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Summer breakfast

This summery morning I made one of my favourite breakfasts. OK, I confess, I make this one in winter as well, but this time of the year it just seems to taste better. Like the sunshine enhances all about this Strawberry Soup…

It is fast and easy to make,  tastes yum and leaves you really happy from the inside.

All you need is;

200 – 225 grams of strawberries

2 dl of coconut milk

2 teaspoons manuka honey

some fresh mint


You just toss the strawberries, coconut milk and manuka honey in the mixer and mix it all together.

Pour it in a soup bowl.

Add some fresh mint to garnish.


You can of course supplement the strawberries for any other berries you´d like. Go ahead and be as creative as you wish!




Ethical Guidelines for Yoga Teachers

In today´s  modern world , Yoga is widespread and you can find it in basically every gym, school and neighbourhood, which is totally awesome.

In 2007 already, as Yoga began spreading faster than ever around the world, Georg Feuerstein, the most regarded scholar in the West on Yoga and the author of more than 50 books, put together these Ethical Guidelines for Yoga Teachers following below;

“Ethical Guidelines for Yoga Teachers by Georg Feuerstein, Ph.D.

As an integrated way of life, Yoga includes moral standards (traditionally called “virtues”) that any reasonable human being would find in principle acceptable. Some of these standards, known in Sanskrit as yamas or “disciplines,” are encoded in the first limb of Patanjali’s eightfold path. According to Patanjali’s Yoga-Sûtra, this practice category is composed of the following five virtues: nonharming (ahimsâ ), truthfulness (satya), nonstealing (asteya), chastity (brahmacarya), and greedlessness (aparigraha).

In other key scriptures of Yoga, further moral principles are mentioned, including kindness, compassion, generosity, patience, helpfulness, forgiveness, purity, and so on. All these are virtues that we connect with a “good” character and that are demonstrated to a superlative degree in the lives of the great masters of Yoga.

Thus, it seems appropriate for contemporary Yoga teachers to endeavor to conduct their lives in consonance with Yoga’s moral principles, particularly because teachers have a great responsibility toward their students and should be expected to reflect the high moral standards espoused in Yoga. At the same time, we must acknowledge the complexities of our contemporary society, which make it necessary to appropriately adapt the moral standards originally designed for the conditions of pre-modern India. Also, we need to take into proper account the looming environmental crisis by adopting a sustainable lifestyle.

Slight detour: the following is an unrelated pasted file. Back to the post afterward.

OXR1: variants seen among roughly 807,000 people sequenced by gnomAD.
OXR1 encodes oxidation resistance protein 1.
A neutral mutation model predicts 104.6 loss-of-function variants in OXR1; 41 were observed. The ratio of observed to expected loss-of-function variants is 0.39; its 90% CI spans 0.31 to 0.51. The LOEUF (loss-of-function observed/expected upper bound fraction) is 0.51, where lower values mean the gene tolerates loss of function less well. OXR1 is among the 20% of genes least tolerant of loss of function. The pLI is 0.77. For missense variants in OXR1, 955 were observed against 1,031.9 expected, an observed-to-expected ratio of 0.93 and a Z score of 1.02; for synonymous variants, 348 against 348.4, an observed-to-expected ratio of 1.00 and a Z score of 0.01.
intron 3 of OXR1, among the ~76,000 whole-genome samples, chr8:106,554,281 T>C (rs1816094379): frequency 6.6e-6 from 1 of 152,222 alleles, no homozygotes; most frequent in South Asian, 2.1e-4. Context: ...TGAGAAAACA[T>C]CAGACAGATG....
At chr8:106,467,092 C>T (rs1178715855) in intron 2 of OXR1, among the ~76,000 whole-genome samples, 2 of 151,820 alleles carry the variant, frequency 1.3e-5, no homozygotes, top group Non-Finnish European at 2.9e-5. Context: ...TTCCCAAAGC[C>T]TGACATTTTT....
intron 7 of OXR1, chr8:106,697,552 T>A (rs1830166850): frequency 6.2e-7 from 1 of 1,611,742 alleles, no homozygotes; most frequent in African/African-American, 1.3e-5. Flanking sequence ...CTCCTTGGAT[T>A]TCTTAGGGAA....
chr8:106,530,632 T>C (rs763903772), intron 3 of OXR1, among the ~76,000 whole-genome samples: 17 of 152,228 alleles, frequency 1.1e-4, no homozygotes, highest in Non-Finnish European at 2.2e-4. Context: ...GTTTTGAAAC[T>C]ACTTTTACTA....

The following guidelines are put forward as a reasonable adaptation for our modern situation, which also takes proper cognizance of the wisdom contained in the heritage of Yoga.

  1. Yoga teachers understand and appreciate that teaching Yoga is a noble and ennobling endeavor that aligns them with a long line of honorable teachers.
  2. Yoga teachers are committed to practicing Yoga as a way of life, which includes adopting the fundamental moral principles of Yoga and making their lifestyle environmentally sustainable (“Green Yoga”).
  3. Yoga teachers are committed to maintaining impeccable standards of professional competence and integrity.
  4. Yoga teachers dedicate themselves to a thorough and continuing study and practice of Yoga, in particular the theoretical and practical aspects of the branch of Yoga that they teach.
  5. Yoga teachers are committed to avoiding substance abuse, and if for some reason they succumb to chemical dependency agree to stop teaching until they are free again from drug and/or alcohol abuse. They will then do everything in their power to remain free, including being fully accountable to a support group.
  6. Yoga teachers especially embrace the ideal of truthfulness in dealing with students and others, including accurately representing their training and experience relevant to their teaching of Yoga.
  7. Yoga teachers are committed to promoting the physical, emotional, mental, and spiritual wellbeing of their students.
  1. Yoga teachers, especially those teaching Hatha-Yoga, will abstain from giving medical advice or advice that could be construed as such, unless they have the necessary medical qualifications.
  2. Yoga teachers are open to instructing all students regardless of race, nationality, gender, sexual orientation, and social or financial status.
  3. Yoga teachers are willing to accept students with physical disabilities, providing they have the skill to teach those students properly.